reared her greatness to the sky.


Senior Member
Mandarin / the Shanghai Dialect

There is no last word. The new evangel was old when Nineveh reared her greatness to the sky. These gallant words which seem so novel to those that speak them were said in accents scarcely changed a hundred times before. The pendulum swings backwards and forwards.

W. Somerset Maugham: The Moon and Sixpence

The Moon and Sixpence by W. Somerset Maugham: Chapter 2 (continued) - The Literature Page

How can I interpret “ reared her greatness to the sky” here? Does it mean Nineveh promoted her greatness to the sky and ,so let the sky knew her greatness?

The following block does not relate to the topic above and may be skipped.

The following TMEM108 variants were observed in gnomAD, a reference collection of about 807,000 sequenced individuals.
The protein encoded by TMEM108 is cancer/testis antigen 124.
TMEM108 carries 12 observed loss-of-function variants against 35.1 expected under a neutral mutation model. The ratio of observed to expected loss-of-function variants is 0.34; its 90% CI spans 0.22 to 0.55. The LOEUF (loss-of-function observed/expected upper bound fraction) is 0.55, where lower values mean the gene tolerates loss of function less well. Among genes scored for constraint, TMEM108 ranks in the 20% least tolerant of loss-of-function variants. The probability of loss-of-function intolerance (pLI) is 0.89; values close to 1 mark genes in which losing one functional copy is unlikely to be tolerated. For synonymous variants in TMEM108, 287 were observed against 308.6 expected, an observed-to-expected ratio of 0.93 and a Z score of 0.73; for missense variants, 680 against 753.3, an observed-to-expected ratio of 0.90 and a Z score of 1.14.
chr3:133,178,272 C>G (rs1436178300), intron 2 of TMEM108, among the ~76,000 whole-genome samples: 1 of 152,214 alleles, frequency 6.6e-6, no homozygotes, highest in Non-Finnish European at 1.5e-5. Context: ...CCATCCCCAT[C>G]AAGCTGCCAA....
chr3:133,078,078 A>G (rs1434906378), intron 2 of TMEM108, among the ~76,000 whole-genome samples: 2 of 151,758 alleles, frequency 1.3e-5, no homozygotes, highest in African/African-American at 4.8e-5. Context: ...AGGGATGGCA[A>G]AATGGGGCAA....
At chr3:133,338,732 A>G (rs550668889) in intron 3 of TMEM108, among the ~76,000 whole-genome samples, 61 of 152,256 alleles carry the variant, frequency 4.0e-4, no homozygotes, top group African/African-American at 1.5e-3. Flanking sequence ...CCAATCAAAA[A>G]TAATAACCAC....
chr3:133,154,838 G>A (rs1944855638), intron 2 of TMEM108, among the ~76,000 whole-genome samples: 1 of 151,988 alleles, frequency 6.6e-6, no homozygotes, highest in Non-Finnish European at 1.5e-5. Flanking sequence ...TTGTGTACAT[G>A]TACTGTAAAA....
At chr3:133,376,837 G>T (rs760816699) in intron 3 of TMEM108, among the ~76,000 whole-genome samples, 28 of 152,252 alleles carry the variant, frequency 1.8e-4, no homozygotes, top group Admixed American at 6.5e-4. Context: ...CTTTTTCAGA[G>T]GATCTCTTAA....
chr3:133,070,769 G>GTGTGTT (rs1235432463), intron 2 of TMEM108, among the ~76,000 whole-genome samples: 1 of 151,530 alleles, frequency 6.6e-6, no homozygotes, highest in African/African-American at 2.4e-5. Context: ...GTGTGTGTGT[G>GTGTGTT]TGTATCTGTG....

14. transitive. To lift up, raise, elevate, exalt, or promote, in various figurative contexts. Now rare.Sometimes with suggestion of other senses of rear or raise.
  • S1m0n

    Senior Member
    Ninevah was, for a time, the greatest city in the world, with the highest walls and tallest towers. A beacon of civilization. So, literally, Maugham means it had big buildings. Figuratively, ' the skies" is an expression that evokes fame, often in the form "praised [him] to the skies". It's sort of vaguely religious in the sense that Indo-European cultures tend to worship sky-dwelling Gods.
    You have the correct definition of 'reared'.
    Last edited:
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